Goodhue County’s Rebekah Mathews is growing a healthier community as a 4-H volunteer
What’s a volunteer?
It’s pretty simple, actually.
A volunteer as a person who freely offers their time to benefit others. For Rebekah Mathews, who grew up surrounded by proud dairy producers in Goodhue County, finding a way to give back and build new proud leaders and community members was her goal.
Although Rebekah didn’t grow up in 4-H, she knows many people who did and who still talk about their positive experiences. “I love the mental challenges that the various 4-H opportunities bring,'' she reflected. She wanted to get involved. Rebekah asked the local 4-H program coordinator if there were any volunteer openings, and dairy project bowl felt like a perfect fit. Four years later, Rebekah has proven to be a faithful and committed coach for two Goodhue County 4-H Dairy Project Bowl teams. And she loves the impact she’s making.
“I've returned season after season because I care about the kids and their efforts to improve their knowledge about the dairy industry,” Rebekah explained. “I love meeting newcomers, seeing their success and watching them grow.”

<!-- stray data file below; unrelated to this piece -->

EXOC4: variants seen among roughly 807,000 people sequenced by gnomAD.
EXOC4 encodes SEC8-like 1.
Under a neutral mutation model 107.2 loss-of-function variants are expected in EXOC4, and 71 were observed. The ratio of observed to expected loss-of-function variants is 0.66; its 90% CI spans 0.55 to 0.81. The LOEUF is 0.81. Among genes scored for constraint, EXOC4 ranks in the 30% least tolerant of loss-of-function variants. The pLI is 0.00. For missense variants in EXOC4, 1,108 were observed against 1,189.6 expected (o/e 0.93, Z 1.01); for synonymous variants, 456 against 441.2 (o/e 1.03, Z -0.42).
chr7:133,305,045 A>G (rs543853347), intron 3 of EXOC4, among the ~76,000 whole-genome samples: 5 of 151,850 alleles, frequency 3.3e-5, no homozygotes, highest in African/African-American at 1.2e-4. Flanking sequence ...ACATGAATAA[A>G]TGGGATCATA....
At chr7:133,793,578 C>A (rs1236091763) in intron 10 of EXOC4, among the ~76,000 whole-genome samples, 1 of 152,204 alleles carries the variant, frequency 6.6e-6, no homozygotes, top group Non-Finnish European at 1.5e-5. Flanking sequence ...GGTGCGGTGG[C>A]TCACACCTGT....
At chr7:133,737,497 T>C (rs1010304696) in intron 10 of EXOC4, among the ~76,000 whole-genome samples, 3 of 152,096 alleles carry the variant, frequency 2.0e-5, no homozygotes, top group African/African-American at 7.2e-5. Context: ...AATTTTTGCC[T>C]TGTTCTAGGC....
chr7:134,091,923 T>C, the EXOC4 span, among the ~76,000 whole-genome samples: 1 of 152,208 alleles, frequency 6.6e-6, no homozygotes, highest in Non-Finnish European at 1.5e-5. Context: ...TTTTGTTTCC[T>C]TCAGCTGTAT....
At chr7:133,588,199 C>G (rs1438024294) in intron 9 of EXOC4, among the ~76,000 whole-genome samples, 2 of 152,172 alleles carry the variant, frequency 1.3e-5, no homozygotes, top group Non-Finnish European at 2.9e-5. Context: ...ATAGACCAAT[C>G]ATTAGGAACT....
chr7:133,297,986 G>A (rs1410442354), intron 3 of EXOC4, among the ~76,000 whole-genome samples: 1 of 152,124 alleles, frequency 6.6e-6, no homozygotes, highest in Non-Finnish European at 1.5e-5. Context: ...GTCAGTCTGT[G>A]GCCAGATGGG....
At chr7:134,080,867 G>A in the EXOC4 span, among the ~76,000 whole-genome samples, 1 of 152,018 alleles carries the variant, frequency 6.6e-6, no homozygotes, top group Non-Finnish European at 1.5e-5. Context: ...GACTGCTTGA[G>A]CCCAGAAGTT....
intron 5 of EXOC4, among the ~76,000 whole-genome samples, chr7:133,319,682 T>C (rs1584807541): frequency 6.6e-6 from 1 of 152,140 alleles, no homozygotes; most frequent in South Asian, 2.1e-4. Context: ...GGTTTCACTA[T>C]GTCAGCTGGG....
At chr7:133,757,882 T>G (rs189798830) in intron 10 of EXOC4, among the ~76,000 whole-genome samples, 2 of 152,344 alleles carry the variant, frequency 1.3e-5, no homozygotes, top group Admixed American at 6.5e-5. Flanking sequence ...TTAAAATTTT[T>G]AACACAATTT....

Team members partner with Rebekah to do a variety of learning activities that challenge their proficiency in dairy science topics. She even helps them to teach each other. “Watching their public speaking and critical thinking skills develop is a source of pride for me,” commented Rebekah. “A lot of what we do is teaching kids how to learn – no matter the subject matter. Hopefully they carry those skills into the future.”
Being a 4-H volunteer is deeply in line with Rebekah’s values. “The best thing about life is our interactions with each other. My positive role models in the past shaped who I am today. If I can have the smallest impact on today’s youth, I hope that impact will help create a better society.”
Rebekah is glad to share her enthusiasm for volunteering with others. She can see the value of it for her community and for her own wellbeing too. “Doing the same thing day after day creates a dull and closed mind. By trying new things and new opportunities, our mental health is invigorated.” And Rebekah’s not alone. Eighty-one percent of 4-H volunteers believe their work helps improve the health of their communities. “What better way to be challenged and learn than with the bright young minds in 4-H!”
We couldn’t agree more, Rebekah. Thanks for being part of growing healthy and engaged communities through Extension 4-H.
By Bailey Ruen
University of Minnesota student
Fillmore County 4-H member